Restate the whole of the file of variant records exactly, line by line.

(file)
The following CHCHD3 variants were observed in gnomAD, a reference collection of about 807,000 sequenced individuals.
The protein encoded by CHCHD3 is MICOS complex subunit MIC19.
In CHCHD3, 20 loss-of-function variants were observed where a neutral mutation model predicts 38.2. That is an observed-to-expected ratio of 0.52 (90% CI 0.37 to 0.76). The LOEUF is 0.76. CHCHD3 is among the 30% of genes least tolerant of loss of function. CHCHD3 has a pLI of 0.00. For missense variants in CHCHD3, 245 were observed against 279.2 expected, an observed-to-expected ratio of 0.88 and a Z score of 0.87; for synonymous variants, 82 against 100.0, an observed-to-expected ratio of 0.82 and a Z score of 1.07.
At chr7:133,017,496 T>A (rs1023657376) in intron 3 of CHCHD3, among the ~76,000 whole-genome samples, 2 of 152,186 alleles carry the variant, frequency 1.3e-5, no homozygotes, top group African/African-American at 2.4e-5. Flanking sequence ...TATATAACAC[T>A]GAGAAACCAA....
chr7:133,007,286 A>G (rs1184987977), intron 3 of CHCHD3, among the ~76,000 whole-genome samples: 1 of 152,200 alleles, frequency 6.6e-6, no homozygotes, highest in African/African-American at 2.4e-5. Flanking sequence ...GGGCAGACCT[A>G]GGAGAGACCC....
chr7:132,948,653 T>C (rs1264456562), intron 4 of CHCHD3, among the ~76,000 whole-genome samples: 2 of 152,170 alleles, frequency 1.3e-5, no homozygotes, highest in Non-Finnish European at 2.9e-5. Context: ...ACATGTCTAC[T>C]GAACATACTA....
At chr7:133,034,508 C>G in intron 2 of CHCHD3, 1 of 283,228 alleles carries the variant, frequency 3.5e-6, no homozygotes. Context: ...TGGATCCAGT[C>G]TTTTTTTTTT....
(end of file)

The following CHCHD3 variants were observed in gnomAD, a reference collection of about 807,000 sequenced individuals.
The protein encoded by CHCHD3 is MICOS complex subunit MIC19.
In CHCHD3, 20 loss-of-function variants were observed where a neutral mutation model predicts 38.2. That is an observed-to-expected ratio of 0.52 (90% CI 0.37 to 0.76). The LOEUF is 0.76. CHCHD3 is among the 30% of genes least tolerant of loss of function. CHCHD3 has a pLI of 0.00. For missense variants in CHCHD3, 245 were observed against 279.2 expected, an observed-to-expected ratio of 0.88 and a Z score of 0.87; for synonymous variants, 82 against 100.0, an observed-to-expected ratio of 0.82 and a Z score of 1.07.
At chr7:133,017,496 T>A (rs1023657376) in intron 3 of CHCHD3, among the ~76,000 whole-genome samples, 2 of 152,186 alleles carry the variant, frequency 1.3e-5, no homozygotes, top group African/African-American at 2.4e-5. Flanking sequence ...TATATAACAC[T>A]GAGAAACCAA....
chr7:133,007,286 A>G (rs1184987977), intron 3 of CHCHD3, among the ~76,000 whole-genome samples: 1 of 152,200 alleles, frequency 6.6e-6, no homozygotes, highest in African/African-American at 2.4e-5. Flanking sequence ...GGGCAGACCT[A>G]GGAGAGACCC....
chr7:132,948,653 T>C (rs1264456562), intron 4 of CHCHD3, among the ~76,000 whole-genome samples: 2 of 152,170 alleles, frequency 1.3e-5, no homozygotes, highest in Non-Finnish European at 2.9e-5. Context: ...ACATGTCTAC[T>C]GAACATACTA....
At chr7:133,034,508 C>G in intron 2 of CHCHD3, 1 of 283,228 alleles carries the variant, frequency 3.5e-6, no homozygotes. Context: ...TGGATCCAGT[C>G]TTTTTTTTTT....